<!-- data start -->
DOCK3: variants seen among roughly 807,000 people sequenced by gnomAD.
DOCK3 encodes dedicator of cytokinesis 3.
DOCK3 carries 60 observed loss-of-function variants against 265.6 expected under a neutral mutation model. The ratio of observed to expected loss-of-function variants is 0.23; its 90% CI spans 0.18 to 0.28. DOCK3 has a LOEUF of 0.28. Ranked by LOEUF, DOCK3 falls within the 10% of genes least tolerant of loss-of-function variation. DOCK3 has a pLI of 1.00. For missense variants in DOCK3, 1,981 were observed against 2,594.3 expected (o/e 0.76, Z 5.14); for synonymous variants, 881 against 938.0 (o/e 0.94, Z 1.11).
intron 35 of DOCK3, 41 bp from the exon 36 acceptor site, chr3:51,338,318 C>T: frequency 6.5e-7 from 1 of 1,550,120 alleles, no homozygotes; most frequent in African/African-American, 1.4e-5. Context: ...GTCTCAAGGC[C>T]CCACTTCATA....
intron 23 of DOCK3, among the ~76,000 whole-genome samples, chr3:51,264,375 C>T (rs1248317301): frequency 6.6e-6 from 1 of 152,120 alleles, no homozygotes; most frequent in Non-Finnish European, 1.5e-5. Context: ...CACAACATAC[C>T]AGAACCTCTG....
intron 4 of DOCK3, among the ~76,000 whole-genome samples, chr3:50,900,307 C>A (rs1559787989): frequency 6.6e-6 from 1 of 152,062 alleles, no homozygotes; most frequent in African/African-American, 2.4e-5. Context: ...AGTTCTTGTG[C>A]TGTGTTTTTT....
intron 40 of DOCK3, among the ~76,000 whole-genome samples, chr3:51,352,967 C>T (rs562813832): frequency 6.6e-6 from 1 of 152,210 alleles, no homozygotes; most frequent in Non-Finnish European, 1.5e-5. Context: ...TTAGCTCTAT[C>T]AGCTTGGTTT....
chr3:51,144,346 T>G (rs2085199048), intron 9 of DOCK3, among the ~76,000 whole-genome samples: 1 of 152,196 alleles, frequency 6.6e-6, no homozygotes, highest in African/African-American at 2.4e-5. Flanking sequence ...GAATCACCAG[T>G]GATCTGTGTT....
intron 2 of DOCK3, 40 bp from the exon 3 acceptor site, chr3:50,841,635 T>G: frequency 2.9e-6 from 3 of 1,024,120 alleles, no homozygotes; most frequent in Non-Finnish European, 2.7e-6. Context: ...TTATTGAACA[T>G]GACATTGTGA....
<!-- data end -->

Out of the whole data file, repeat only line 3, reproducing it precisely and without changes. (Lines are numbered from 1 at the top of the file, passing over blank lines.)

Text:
DOCK3 carries 60 observed loss-of-function variants against 265.6 expected under a neutral mutation model. The ratio of observed to expected loss-of-function variants is 0.23; its 90% CI spans 0.18 to 0.28. DOCK3 has a LOEUF of 0.28. Ranked by LOEUF, DOCK3 falls within the 10% of genes least tolerant of loss-of-function variation. DOCK3 has a pLI of 1.00. For missense variants in DOCK3, 1,981 were observed against 2,594.3 expected (o/e 0.76, Z 5.14); for synonymous variants, 881 against 938.0 (o/e 0.94, Z 1.11).